How Well are You? ll By Rich Brodt

How Well are You?
By Rich Brodt

When most of us think of self-care, we are generally thinking of our physical and mental health as it relates to our career. This is a good start, but I do not think it captures the full picture. Often, when I work with an individual experiencing depression, the trouble extends past the basic physical and mental health into other aspects of their lives.

This is why I often turn to the 7 Dimensions of Wellness to highlight areas of an individual’s life that could use more attention.

These dimensions are also quite useful when thinking about addressing self-care in areas that extend beyond the general physical and mental health. Checking in on each dimension helps to highlight problem areas that could use some attention.

The 7 Dimensions of Wellness are social, emotional, spiritual, environmental, occupational, intellectual and physical. These areas often overlap with one another. Together they form a pretty complete picture of the areas of our lives that are most important to focus on. Lets take a closer look at each dimension

The social dimension refers to how we are interacting with others and finding connection.

It is important to focus on whether or not we are establishing and maintaining healthy relationships with the important people in our lives. Are we able to connect and share of ourselves? If not, we should look at why this is happening, and what we might be doing to stop ourselves from connecting. This area is especially important for healers trying to take care of themselves. Private practice can be isolating. That, coupled with the social exhaustion one might feel after days in a row of multiple back to back sessions each week, can lead to social withdrawal due to fatigue. Without connection and feedback from others we lose a sense of our selves.

The emotional dimension refers to how we are experiencing and processing our own emotions.

One aspect of this is how we deal with and overcome challenges. The ability to feel and express our emotions in a healthy way leads to higher productivity and improved self-concept. If we cannot identify and express what we are feeling, it tends to cause difficulty understanding the emotions of others, which is unacceptable for a healing professional.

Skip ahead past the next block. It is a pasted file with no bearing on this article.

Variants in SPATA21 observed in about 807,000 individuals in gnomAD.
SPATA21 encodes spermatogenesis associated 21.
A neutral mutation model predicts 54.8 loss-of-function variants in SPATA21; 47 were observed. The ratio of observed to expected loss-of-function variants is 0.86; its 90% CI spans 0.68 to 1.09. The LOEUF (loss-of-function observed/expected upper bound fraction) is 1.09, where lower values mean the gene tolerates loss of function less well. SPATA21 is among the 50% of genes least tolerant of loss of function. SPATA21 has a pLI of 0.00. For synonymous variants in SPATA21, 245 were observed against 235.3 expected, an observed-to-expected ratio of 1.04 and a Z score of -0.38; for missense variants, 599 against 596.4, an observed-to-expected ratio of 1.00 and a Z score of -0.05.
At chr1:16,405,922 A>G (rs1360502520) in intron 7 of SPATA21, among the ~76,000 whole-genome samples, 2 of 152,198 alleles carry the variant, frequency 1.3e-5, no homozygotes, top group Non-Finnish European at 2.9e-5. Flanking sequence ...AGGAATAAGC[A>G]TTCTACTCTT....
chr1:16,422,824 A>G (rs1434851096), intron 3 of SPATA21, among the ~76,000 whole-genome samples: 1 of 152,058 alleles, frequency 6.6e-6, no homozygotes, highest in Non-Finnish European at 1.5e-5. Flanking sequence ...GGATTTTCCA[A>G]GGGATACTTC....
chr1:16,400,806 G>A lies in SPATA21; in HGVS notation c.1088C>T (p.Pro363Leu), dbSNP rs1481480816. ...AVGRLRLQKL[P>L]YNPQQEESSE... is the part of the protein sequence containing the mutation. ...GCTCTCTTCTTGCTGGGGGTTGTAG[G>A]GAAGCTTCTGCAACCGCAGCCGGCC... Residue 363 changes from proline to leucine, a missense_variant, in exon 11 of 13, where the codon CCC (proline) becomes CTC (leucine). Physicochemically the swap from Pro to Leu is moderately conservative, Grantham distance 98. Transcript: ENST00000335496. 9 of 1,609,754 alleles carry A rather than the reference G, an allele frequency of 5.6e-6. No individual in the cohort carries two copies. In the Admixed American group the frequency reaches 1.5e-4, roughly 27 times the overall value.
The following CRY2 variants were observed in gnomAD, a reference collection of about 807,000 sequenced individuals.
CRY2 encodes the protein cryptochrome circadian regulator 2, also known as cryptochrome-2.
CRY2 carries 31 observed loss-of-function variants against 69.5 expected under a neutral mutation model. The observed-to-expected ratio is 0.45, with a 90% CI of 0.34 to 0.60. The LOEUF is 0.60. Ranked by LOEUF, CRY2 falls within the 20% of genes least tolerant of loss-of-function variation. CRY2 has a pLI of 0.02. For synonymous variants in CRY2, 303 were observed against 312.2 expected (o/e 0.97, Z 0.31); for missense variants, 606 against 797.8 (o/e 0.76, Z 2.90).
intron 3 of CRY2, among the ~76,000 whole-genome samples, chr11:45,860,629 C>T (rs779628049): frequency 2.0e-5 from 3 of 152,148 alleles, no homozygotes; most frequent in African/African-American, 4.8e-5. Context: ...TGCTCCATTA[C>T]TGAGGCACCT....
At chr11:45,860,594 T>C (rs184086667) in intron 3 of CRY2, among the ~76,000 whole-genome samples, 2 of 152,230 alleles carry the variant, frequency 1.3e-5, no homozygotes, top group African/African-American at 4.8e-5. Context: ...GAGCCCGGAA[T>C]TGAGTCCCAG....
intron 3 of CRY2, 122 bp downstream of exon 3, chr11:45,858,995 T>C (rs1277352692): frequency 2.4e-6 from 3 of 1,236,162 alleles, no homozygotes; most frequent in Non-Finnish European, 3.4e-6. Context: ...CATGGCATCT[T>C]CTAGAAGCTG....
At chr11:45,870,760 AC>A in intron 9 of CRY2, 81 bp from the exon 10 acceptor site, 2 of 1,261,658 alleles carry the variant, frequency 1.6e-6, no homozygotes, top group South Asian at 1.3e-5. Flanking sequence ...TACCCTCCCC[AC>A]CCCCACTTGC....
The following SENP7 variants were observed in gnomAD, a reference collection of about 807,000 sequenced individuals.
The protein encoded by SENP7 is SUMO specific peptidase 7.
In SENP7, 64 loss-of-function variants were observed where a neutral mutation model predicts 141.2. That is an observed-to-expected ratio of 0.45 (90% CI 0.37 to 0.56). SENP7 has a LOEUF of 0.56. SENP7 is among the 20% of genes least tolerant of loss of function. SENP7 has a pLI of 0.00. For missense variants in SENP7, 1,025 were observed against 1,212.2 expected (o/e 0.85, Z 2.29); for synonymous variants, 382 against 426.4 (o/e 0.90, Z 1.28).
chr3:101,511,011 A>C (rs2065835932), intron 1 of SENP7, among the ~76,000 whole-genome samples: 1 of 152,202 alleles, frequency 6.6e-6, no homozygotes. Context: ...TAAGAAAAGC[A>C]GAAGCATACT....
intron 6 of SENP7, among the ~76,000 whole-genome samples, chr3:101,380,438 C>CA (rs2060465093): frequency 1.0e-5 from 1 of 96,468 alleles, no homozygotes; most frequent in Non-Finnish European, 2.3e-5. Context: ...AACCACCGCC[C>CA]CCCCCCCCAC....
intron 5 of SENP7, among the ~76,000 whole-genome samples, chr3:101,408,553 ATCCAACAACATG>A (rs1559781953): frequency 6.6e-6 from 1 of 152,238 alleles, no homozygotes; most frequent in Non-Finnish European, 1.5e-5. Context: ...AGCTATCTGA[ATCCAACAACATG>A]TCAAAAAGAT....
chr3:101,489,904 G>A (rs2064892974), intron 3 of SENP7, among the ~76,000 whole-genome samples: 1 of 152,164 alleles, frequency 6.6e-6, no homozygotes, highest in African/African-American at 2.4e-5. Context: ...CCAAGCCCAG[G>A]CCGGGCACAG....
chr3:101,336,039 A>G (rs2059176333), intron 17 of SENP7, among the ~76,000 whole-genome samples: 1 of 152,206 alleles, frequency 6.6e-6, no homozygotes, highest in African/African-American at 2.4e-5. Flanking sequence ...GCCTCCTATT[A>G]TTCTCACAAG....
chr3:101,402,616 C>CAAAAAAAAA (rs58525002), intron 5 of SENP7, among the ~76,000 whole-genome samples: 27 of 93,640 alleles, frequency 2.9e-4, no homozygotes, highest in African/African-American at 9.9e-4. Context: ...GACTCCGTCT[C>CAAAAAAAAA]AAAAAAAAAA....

The spiritual dimension relates to how we see and interact with the world.

Often, the word spiritualleads people to think of religion. However, the concept can be conceptualized much more broadly. Spirituality is about a connection to oneself and an understanding of ones place in the world. Spirituality focuses on the experience of being human, rather than material or physical possessions. It brings peace and humility to our lives, and can be practiced in any number of ways. Getting in touch with this spirituality allows us to identify and live in accordance with our values.

The environmental dimension, while important, is often overlooked.

This dimension speaks to our awareness of the fragility of the earth, and the way we choose to interact with it. Are we making choices that harm our environment? Are we taking time to be thankful to what is provided to us by our environment? Are we having a positive impact?

Occupational wellness, is an interesting topic for a therapist or healer.

Most of us are self-employed, and so we have a great deal of choice in our daily schedule. But are we happy with what were doing and how were doing it? For the self-employed, this might mean focusing on what hours you work, or what populations you work with. It might be that youre feeling burnt out and need a break. We need to listen to the messages we are getting about our work, and use those messages to find greater fulfillment in what we are doing.

Intellectual wellness, while often related to occupational wellness, is important in and of itself.

The focus in this dimension is on whether we are able to open our minds to new ideas and concepts, think critically and improve our skills. This dimension asks whether we are open to challenging our self intellectually, and whether we are willing to digest new information that might change how we feel about a certain topic.

Physical wellness is a dimension where most of us are already aware of the implications.

This dimension refers to our physical health, and our ability to endure through our daily activities without having physical issues. This dimension stresses the importance of routine physical check ups, exercise and avoiding habits that might be detrimental to our physical wellness. I will not spend too much time here since physical wellness seems to be at the top of most self care lists.

These seven dimensions give a solid overview of the idea of wellness as it relates to taking care of oneself. Whenever we feel low, there is a good chance that we are ignoring one or more of these categories. If you ever want to assess where your self-care routine might be improved, running through these dimensions is a good place to start. That said, it is often also a good place to start with clients who are experiencing depression or anxiety, as self-care is the first thing we tend to neglect when things arent going our way.

Rich Brodt is a former Affordable Counseling Program intern and currently works as a Core Practitioner at People House. Rich provides therapy and counseling for individuals. His style integrates various techniques, but he tailors his approach to each client’s unique needs. He is committed to helping people that experience anxiety resulting from trauma, work-related stress, legal issues or major life transitions. “Together, we will work to calm your mind and create lasting change.”

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